I found this to be a terrific slice of American folk-horror – the isolated, rural setting really adds to the atmosphere. It transpires that this, and the tiny cast, comes from necessity – not just because of a small budget, but because it was mostly filmed during the Covid Lockdown. It’s a family affair – the mother-daughter here are in fact a real-life mother and daughter, the friend Amber is her sister, the uncle (and co-director) is her father, and the family wrote, directed, produced and starred in it, while each taking turns as a tiny film crew during Lockdown. I think that necessity actually helps the atmosphere and brooding, isolated, country Gothic feel of the film immensely. It also shows nicely in the acting – before I learned they were real-life mother and daughter, I felt the connection between the pair seemed very convincing; a scene where Izzy is slowly learning of her magical heritage was especially good, the young woman closely watching her mother’s actions with a close but clearly affectionate look, imitating what she was doing. It’s a tiny moment in one scene, but it’s moments like that which help sell you on the reality of a character and make you invest emotionally in them.

There are numerous very stylish touches here, many done in a very non-flashy way, being used for creating more atmosphere rather than trying to be showy for the sake of it, which I appreciated. From lashed-together wooden sigils (a nod to Blair Witch and some other notable horrors) to simple but very creepy moments (the mother cutting herself, placing her wounded hand on a piece of wall, for a bloody keyhole to appear with key on the back of her hand to access a secret space) this is filled with well-deployed visual and aural elements to maximise that creepy, disturbing atmosphere the film already draws on just from the location in the Deep, Dark Woods. The mythology here was also quite refreshing, even to an old horror-hound like me, as it didn’t just do the “oh, actually you’re a witch or vampire” type reveal, their family heritage and abilities are more convoluted and unusual. Add in a very interesting take on the coming-of-age story, and a subsequent, slowly-changing family dynamic this causes, and some very creepy, dark moments, and you have a cracking little Indy folk-horror for the dark autumnal evenings.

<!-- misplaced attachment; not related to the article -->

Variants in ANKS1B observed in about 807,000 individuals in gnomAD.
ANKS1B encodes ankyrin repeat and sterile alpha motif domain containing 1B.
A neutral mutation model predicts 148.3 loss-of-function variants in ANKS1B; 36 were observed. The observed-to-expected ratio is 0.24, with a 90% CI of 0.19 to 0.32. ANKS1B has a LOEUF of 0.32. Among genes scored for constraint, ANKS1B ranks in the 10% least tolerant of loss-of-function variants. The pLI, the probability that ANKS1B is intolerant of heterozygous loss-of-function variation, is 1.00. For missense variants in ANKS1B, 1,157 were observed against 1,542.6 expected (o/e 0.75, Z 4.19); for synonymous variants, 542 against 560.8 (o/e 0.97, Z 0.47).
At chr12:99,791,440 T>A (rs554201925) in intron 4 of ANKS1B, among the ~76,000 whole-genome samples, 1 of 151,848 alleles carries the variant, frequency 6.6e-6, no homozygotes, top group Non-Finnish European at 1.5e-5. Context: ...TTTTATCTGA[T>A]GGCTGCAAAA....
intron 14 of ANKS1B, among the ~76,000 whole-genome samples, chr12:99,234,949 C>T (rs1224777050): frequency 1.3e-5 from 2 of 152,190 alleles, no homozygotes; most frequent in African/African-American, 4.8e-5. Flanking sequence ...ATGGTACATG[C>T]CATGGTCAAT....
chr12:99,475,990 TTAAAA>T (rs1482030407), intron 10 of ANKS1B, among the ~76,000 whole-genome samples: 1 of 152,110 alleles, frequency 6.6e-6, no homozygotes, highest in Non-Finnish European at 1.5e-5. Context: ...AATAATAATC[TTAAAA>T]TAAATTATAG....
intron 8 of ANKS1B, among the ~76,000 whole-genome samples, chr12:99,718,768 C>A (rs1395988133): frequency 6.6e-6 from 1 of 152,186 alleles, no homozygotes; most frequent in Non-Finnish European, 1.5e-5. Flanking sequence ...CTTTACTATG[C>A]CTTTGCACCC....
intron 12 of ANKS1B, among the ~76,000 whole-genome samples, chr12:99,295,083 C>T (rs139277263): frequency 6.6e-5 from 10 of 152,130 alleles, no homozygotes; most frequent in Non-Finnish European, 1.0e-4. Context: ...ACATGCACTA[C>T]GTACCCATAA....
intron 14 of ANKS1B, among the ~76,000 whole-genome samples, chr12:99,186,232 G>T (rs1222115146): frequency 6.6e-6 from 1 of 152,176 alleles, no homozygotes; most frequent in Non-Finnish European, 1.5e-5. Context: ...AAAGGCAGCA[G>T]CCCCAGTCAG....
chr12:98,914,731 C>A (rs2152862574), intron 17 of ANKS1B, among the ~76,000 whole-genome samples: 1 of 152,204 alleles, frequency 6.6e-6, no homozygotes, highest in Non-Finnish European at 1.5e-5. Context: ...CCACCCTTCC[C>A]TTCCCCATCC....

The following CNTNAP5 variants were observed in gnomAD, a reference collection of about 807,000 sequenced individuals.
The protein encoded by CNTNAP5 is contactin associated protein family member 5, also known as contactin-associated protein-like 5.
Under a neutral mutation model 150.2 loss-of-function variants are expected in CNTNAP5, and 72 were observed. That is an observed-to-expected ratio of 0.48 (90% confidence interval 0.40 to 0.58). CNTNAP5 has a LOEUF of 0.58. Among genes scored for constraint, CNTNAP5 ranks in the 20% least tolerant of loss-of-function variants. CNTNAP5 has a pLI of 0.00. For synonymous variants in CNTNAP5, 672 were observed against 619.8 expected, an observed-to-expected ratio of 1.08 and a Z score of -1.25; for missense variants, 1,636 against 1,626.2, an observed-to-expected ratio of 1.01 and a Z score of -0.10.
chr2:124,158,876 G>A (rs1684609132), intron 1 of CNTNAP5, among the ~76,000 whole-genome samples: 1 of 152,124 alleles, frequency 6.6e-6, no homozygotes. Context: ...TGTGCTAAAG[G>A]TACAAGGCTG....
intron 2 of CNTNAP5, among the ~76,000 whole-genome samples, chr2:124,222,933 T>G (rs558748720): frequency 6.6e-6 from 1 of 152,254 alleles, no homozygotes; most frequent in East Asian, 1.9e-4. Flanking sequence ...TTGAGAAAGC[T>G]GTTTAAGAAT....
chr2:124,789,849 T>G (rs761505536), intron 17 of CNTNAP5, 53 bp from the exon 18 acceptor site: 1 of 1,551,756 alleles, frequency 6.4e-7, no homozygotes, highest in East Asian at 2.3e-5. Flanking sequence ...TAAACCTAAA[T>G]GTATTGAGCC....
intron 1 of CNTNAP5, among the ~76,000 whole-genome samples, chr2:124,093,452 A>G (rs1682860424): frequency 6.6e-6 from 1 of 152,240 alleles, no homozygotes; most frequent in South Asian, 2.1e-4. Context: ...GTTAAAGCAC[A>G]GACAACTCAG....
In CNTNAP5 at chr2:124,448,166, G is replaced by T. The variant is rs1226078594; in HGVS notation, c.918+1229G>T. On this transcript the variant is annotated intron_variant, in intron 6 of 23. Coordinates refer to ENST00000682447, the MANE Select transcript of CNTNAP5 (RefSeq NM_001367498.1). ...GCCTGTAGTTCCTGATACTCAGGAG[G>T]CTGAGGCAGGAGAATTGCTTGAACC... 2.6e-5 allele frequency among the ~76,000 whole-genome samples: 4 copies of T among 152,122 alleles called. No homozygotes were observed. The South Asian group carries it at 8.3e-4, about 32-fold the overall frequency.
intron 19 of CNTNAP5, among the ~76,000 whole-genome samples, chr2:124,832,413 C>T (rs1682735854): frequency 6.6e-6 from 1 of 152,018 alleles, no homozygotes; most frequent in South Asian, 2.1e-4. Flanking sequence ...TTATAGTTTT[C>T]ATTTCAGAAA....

Hellbender is released by Acorn Media International as a Shudder Original on DVD (including extras such as how the effects were created, behind the scenes, more of the music the characters play) on September 5th.

This review was originally penned for Live For Films

Edinburgh International Film Festival – Lola

EIFF 2022 – Lola,
Directed by Andrew Legge,
Starring Stefanie Martini, Emma Appleton, Rory Fleck Byrne, Aaron Monaghan

I had a good feeling when I first read about Andrew Legge’s debut feature in this year’s Edinburgh International Film Festival programme; when I get that buzz for a film or book I normally find my instincts were bang on, and I am glad to report that continues to be the case (thank you, intuition, you know what I will like!). Lola is the name of a special machine created and operated by two eccentric sisters, Thomasina (Emma Appleton) and Martha Hanbury (Stefanie Martini), a series of valves and tubes and wires that can tune into broadcasts from the future. The two have grown up isolated in a big, old country house in 1930s England, naming the machine after their late mother.